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Upcoming Case Could Dramatically Affect State Sales Tax

Upcoming Case Could Dramatically Affect State Sales Tax

The U.S. Supreme Court will review sales tax nexus as part of an upcoming court case

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The review will consider whether a physical presence test is still necessary, or whether the U.S. may change the way it approaches imposing U.S. tax on online sales. South Dakota v. Wayfair Inc., which is expected to be heard in April, 2018, could result in a change to the sales tax obligations of companies making sales to the United States, as certain emerging state economic nexus rules could become enforceable, depending on the court's decision.

The U.S. Supreme Court finally agreed to review sales tax nexus in Wayfair following lobbying efforts from many states, many of which have imposed their own economic nexus rules. Although it's not yet clear what the court will ultimately rule, it is interesting to note that President Trump reportedly "feels strongly" that the United States should impose a sales tax on online sales.

Background
U.S. states generally impose sales tax on sales of goods that are sold into their state, while services are generally exempt. Historically, a state could not impose a sales tax on an out of state vendor unless that vendor had a physical presence in the state, as established in a 1992 U.S. court case, Quill v. North Dakota (504 U.S. 298 (1992)). Physical presence was generally established through things like equipment, land, or employees in the state, but could also include things like a customer leasing software that is downloaded to a customer in the state. Although each state had unique rules, all included the physical presence standard.

U.S. states implementing online rules
In recent years, U.S. states have started to implement rules around when an out-of-state retailer would owe sales tax in the state. These rules are based on the perception that brick and mortar retailers are at a disadvantage compared to online retailers, who do not have to collect and remit state sales tax, and that the states are losing out on taxes that might otherwise be collected. These state-imposed economic nexus rules demonstrate an emerging trend towards economic taxation instead of presence-based taxation and include:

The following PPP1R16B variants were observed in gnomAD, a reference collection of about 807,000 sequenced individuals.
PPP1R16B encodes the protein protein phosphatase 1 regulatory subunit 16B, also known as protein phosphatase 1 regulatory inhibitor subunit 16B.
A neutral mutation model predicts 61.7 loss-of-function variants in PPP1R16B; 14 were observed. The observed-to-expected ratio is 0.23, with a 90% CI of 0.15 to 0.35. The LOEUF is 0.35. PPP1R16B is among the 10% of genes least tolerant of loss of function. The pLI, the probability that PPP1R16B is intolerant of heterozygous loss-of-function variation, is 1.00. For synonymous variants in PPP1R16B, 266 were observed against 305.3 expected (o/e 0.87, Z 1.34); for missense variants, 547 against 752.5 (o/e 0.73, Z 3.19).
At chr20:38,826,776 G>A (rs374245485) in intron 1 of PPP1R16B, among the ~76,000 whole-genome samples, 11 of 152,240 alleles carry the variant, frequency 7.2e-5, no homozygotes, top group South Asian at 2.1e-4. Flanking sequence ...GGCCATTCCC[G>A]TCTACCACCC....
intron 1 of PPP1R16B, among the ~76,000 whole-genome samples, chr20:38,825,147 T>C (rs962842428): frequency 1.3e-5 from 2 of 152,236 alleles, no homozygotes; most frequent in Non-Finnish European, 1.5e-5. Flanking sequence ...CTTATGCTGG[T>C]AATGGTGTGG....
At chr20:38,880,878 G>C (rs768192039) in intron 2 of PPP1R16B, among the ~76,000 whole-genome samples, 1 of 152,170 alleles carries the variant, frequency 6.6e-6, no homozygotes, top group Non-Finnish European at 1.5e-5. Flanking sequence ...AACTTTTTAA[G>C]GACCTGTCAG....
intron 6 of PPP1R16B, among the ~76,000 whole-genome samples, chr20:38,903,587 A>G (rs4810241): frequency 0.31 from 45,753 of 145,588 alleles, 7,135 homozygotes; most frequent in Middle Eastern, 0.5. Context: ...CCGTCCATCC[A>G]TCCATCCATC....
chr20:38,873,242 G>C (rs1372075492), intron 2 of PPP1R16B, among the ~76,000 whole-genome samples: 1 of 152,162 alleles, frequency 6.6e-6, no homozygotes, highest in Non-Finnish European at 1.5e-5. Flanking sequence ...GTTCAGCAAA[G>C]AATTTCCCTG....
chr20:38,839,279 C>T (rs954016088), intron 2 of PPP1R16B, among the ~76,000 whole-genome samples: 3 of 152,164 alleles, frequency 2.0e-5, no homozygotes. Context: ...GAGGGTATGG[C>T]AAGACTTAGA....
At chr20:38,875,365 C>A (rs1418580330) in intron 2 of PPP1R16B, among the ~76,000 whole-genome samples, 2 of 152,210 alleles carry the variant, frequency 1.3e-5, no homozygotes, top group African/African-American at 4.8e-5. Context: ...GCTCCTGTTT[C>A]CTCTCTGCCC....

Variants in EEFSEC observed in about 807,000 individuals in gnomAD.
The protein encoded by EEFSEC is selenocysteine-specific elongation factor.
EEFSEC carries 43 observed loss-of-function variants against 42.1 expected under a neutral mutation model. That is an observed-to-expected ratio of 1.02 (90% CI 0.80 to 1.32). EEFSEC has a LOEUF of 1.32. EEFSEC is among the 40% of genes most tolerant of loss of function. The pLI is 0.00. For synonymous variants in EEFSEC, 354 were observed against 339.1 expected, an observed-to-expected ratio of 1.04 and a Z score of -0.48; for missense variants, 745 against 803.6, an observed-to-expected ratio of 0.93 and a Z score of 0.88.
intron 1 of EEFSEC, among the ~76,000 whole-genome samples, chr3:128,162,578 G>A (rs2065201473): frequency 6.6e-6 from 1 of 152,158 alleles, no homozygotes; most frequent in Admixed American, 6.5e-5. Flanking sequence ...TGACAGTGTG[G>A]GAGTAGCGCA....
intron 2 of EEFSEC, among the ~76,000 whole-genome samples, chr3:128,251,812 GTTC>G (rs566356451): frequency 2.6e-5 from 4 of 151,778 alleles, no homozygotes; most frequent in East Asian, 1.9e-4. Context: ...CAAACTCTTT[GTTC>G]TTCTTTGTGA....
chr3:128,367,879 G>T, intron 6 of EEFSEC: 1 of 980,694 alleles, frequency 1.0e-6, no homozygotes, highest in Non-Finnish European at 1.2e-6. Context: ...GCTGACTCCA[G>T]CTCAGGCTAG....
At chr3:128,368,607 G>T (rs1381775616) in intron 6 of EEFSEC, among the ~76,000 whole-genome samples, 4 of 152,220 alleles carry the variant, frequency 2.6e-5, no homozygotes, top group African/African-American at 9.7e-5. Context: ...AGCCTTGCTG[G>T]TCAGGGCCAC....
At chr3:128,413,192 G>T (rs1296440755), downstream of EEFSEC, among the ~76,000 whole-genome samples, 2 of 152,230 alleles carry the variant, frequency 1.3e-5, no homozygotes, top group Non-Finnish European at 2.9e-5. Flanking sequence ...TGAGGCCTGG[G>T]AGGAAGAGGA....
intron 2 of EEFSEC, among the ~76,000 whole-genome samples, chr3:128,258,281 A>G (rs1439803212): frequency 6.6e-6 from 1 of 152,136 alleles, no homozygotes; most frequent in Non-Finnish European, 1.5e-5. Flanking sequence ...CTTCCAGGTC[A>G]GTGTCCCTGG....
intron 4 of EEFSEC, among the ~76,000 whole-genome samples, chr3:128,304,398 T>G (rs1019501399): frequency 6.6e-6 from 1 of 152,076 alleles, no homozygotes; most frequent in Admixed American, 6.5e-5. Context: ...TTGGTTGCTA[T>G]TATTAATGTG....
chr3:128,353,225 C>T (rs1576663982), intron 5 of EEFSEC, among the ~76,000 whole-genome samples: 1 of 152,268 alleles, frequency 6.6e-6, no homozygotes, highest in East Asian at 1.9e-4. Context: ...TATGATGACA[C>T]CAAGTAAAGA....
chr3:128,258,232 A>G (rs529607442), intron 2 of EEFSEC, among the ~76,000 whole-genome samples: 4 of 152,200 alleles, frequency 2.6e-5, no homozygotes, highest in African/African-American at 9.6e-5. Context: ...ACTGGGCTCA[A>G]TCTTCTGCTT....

• Click-through nexus - Where an out-of-state vendor is referred by an in-state vendor's website and customers "click through" that in-state website to reach the vendor's products
  • Affiliate nexus - Where an out-of-state vendor partners with an in-state vendor for an integral part of their service, it creates nexus for the out-of-state vendor (e.g., a computer vendor partners with an in-state company to repair their computers on behalf of customers)
  • Economic nexus - Where an out-of-state vendor will be required to collect sales tax from in-state customers where they sell a certain amount into the state (e.g., an out-of-state vendor makes 100 sales to the state, or has over $200,000 from revenue in the state, though some states have economic threshold levels as low as $10,000 of sales)
  • Additional reporting - Certain states that cannot impose a tax on out-of-state retailers have imposed significant reporting on out-of-state vendors, including identifying customers who should be self-assessing taxes owed to the state that the retailer did not charge on their purchases.

Click-through nexus, affiliate nexus, and additional reporting are currently enforceable since they are extensions of physical presence. However, even though many states have legislated economic nexus rules, they have not been able to enforce them because of the precedent set by Quill. If the U.S. Supreme Court does overturn the decision in Quill, states would be able to enforce these rules, which will significantly impact the sales tax obligations of companies making sales to the United States, and open the door to the adoption of more economic nexus standards.

For more information, contact your KPMG adviser.

Information is current to March 20, 2018. The information contained in this publication is of a general nature and is not intended to address the circumstances of any particular individual or entity. Although we endeavour to provide accurate and timely information, there can be no guarantee that such information is accurate as of the date it is received or that it will continue to be accurate in the future. No one should act upon such information without appropriate professional advice after a thorough examination of the particular situation. For more information, contact KPMG's National Tax Centre at 416.777.8500
 

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